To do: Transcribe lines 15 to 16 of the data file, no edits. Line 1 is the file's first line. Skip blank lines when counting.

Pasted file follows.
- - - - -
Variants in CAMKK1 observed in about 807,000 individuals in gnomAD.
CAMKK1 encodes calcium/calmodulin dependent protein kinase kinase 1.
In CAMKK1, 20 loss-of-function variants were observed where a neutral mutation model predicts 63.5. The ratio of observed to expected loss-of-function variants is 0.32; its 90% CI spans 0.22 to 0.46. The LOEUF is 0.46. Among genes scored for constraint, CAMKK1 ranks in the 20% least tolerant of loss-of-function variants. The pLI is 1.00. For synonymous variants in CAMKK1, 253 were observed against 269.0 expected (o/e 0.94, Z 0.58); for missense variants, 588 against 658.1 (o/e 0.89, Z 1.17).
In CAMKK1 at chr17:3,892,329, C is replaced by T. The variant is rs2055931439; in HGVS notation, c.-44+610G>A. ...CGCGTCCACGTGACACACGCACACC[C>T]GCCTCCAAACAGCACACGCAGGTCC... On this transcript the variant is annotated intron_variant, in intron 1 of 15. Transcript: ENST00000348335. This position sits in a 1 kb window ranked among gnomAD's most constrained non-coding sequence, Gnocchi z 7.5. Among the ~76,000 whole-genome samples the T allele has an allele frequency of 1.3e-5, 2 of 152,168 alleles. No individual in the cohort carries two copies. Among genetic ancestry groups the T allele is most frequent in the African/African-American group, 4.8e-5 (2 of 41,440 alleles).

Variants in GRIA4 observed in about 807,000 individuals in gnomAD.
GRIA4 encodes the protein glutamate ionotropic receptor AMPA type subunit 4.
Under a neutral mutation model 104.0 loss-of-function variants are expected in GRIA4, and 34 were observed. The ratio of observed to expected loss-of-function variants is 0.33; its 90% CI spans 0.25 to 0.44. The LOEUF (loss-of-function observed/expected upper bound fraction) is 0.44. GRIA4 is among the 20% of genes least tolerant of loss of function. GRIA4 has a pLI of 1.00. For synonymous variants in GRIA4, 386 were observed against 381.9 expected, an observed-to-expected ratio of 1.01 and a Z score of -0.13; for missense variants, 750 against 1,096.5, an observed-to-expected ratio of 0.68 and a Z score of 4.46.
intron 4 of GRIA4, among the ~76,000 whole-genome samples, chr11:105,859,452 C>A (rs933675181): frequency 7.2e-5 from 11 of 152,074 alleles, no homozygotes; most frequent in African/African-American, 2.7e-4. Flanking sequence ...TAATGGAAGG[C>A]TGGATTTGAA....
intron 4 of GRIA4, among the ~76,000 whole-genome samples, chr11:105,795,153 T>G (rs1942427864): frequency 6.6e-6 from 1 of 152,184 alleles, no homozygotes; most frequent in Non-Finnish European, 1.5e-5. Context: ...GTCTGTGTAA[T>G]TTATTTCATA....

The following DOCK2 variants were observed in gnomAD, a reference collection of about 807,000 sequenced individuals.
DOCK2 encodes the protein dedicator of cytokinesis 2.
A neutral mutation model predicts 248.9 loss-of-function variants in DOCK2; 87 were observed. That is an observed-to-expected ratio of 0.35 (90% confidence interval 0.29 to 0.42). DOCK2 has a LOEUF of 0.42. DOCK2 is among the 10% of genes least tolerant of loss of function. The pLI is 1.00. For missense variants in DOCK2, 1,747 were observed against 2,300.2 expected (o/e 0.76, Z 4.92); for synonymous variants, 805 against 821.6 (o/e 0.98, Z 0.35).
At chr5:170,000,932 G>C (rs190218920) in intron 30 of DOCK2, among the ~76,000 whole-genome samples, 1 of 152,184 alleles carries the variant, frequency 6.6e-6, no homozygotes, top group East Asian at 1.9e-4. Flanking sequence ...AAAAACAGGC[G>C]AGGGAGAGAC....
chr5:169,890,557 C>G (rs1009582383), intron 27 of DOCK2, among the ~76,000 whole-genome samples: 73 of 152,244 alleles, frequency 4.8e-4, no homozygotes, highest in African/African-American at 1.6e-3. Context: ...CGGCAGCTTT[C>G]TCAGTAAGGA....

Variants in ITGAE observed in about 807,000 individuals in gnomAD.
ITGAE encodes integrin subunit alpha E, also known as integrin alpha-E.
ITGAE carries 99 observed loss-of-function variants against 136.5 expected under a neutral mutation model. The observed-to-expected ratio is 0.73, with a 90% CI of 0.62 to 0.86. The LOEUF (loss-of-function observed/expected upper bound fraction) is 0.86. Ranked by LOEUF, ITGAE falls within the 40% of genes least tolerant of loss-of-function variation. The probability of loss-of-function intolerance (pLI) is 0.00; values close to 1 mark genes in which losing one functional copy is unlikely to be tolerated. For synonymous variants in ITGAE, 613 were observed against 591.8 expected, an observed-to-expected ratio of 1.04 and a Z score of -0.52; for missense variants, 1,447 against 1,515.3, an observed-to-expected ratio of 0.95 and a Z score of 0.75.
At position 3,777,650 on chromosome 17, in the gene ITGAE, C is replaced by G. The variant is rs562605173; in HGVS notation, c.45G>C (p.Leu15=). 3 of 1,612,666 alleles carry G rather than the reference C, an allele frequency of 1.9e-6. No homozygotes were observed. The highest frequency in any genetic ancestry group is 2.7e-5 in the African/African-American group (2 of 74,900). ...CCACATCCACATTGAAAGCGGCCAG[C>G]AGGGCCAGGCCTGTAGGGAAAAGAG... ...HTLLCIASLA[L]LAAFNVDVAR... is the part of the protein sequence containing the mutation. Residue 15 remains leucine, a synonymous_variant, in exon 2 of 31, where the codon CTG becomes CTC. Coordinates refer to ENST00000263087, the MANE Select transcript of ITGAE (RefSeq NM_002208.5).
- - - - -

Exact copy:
Variants in ITGAE observed in about 807,000 individuals in gnomAD.
ITGAE encodes integrin subunit alpha E, also known as integrin alpha-E.